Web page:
2014: Frontiers in Psychology
Florian Schmiedek, Martin Lövdén, Ulman Lindenberger
In the COGITO study (Schmiedek, Lövdén, & Lindenberger, 2010), 101 younger adults practiced 12 tests of perceptual speed, working memory, and episodic memory for over 100 daily 1-hr sessions. The intervention resulted in positive transfer to broad cognitive abilities, including reasoning and episodic memory. Here, we examine whether these ability-based transfer effects are maintained over time. Two years after the end of the training, 80 participants returned for follow-up assessments of the comprehensive battery of transfer tasks...
September 2014: Developmental Psychology
Y L Bramma, D Alcorn
No abstract text is available yet for this article.
October 2013: Anaesthesia
Ares Pasipoularides
William Harvey's writings betray amazing insights born out of countless hours of thoughtful experimentation. Throughout his life, Harvey worked as a tireless and thoughtful researcher and a transmitter and intermediary between the ancient Greek natural philosophers and physicians and the "moderns," for whom he founded two forward-looking, interlinked sciences: modern physiology and nascent cardiology. Harvey's methodology and demonstrations were of such fundamental and standardizing nature as to secure the sure progress of these two sciences...
October 9, 2013: International Journal of Cardiology
Hung-Yi Chen
This article analyzes certain reciprocal impacts from physical spaces to mental spaces. If the epistemological construction and the spatial imagination from the subject of cogito or the social collectivities are able to influence the construction and creation of the physical spaces of that subject, then the context of that physical space may also affect the cognitive or social subject's mental cognition. This article applies the methodology of iconology from art history (E. Panofsky) and sociology (P. Bourdieu) to explore correlations between the creation of imaginative and physical spaces from the collective consciousness and mental cognition...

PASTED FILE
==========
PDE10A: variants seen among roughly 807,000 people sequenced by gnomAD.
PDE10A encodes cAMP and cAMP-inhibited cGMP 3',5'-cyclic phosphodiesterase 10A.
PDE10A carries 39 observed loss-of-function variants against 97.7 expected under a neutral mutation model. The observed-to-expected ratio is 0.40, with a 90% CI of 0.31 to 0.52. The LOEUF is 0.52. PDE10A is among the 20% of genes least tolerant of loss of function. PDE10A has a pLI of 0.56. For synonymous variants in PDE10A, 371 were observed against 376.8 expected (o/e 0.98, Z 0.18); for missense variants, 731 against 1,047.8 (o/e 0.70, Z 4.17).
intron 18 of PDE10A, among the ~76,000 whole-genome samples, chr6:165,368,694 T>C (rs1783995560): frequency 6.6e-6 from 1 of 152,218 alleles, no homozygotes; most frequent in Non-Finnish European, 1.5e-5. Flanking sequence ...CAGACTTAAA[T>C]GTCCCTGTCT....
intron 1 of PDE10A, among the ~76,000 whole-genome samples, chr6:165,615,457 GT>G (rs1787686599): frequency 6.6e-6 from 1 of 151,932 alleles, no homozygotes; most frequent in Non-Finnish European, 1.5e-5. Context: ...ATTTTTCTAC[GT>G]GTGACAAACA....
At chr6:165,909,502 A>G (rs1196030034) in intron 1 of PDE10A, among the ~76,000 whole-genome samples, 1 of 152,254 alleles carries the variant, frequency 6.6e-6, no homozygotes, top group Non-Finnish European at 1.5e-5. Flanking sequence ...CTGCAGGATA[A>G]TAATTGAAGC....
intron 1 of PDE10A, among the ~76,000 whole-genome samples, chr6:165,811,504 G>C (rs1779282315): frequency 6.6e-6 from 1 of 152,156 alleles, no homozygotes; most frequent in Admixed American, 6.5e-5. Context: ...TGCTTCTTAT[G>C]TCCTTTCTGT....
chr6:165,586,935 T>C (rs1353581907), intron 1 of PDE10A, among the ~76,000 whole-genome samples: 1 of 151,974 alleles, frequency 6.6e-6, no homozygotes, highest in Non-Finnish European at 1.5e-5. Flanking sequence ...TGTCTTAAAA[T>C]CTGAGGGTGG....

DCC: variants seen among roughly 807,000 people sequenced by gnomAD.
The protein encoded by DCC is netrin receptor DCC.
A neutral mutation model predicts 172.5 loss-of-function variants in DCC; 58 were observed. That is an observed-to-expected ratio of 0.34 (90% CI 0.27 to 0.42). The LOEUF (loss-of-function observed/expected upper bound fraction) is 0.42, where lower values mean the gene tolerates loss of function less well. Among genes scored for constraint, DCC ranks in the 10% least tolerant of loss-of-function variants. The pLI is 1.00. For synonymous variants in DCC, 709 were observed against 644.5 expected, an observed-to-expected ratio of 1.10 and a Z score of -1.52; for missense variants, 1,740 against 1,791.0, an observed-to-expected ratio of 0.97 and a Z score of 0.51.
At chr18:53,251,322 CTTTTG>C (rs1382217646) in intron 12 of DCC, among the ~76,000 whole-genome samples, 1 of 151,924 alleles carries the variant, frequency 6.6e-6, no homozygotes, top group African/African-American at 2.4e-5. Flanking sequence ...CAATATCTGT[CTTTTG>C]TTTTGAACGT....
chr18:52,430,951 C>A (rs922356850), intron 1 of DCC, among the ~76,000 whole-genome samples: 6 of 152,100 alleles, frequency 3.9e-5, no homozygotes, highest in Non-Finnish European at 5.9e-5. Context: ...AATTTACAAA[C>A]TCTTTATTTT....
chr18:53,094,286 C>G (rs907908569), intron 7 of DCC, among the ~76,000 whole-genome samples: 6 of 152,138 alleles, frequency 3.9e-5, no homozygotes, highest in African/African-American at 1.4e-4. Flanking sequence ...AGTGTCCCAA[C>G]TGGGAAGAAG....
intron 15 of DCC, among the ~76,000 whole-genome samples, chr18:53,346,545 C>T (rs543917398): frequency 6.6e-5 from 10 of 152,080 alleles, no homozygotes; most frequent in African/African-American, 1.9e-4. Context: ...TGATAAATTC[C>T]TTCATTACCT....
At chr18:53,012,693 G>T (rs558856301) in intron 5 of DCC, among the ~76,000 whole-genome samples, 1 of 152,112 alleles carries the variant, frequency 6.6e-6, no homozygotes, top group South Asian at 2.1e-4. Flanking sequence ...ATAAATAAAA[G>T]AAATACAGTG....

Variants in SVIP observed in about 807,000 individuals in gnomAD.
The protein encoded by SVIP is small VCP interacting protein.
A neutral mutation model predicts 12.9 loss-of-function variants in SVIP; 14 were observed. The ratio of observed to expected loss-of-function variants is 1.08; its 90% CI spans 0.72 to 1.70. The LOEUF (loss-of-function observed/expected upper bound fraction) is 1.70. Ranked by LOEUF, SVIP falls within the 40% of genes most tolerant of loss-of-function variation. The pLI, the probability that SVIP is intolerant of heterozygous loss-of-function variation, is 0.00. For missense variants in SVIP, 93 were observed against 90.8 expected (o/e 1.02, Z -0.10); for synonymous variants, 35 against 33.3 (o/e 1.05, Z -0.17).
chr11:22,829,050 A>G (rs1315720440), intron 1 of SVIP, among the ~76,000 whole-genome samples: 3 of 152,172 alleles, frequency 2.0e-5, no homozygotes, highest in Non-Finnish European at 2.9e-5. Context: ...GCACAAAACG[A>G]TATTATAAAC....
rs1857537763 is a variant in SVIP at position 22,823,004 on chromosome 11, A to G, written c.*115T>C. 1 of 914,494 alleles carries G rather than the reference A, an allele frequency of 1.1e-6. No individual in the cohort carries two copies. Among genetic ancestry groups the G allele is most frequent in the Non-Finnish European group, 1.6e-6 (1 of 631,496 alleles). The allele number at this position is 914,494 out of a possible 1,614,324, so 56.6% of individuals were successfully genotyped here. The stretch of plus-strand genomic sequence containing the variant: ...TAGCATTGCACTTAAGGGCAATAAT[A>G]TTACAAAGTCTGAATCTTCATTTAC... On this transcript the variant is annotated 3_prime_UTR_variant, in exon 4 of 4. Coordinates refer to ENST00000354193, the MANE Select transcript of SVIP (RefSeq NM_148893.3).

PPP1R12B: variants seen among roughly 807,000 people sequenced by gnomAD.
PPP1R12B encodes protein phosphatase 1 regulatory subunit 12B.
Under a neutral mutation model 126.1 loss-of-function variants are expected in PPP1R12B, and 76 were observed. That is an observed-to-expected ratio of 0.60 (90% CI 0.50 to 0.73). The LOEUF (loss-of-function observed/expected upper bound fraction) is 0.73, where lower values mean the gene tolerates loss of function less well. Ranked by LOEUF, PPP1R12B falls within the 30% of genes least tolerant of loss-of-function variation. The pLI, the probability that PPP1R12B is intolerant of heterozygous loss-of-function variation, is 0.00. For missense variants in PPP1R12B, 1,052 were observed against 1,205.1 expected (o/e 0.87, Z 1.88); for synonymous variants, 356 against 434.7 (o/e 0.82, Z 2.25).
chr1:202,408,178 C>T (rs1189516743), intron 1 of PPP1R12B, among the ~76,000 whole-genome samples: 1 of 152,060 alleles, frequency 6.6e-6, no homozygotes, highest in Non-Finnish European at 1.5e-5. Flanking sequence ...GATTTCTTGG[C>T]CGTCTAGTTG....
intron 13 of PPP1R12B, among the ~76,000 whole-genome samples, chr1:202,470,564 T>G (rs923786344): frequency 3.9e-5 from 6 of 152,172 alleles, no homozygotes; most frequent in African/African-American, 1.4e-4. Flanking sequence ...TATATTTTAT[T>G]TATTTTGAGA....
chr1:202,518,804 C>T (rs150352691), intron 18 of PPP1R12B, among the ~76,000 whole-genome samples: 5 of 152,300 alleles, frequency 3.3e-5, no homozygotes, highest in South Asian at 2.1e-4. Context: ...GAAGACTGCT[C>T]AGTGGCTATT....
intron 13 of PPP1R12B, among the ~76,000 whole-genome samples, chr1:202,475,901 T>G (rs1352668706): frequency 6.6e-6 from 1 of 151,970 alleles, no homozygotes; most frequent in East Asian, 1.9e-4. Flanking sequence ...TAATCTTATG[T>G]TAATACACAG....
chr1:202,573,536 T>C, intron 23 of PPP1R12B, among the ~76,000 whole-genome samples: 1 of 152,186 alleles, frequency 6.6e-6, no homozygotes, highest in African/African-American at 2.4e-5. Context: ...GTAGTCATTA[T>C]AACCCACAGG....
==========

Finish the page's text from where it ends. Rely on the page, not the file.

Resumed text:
August 2013: Hu Li za Zhi the Journal of Nursing
Annette Brose, Ulman Lindenberger, Florian Schmiedek
Asking people to provide global judgments, or trait reports, of their affective experience is a standard method for assessing trait affective well-being, with countless applications in the social sciences. Trait reports reflect numerous influences that generally go unnoticed. Although state affect is a highly plausible candidate for such influences, this source of unwanted variance does not receive much attention and is usually not controlled for in empirical studies. Using 100-day data from the COGITO study, we provide direct and strong evidence that trait reports of affect depend on how people feel at the time they provide the evaluations (i...
October 2013: Emotion
Hannes Noack, Martin Lövdén, Florian Schmiedek, Ulman Lindenberger
Normal aging impairs the representation and integration (binding) of spatial and temporal context in episodic memory. We directly compare age differences in episodic memory in relation to processing spatial and temporal context. As part of the COGITO study, 101 younger and 103 older participants trained an object-location serial recall task for 100 sessions. Training exacerbated the recall deficit of older relative to younger adults. Younger adults improved in recall performance on both spatial and temporal dimensions...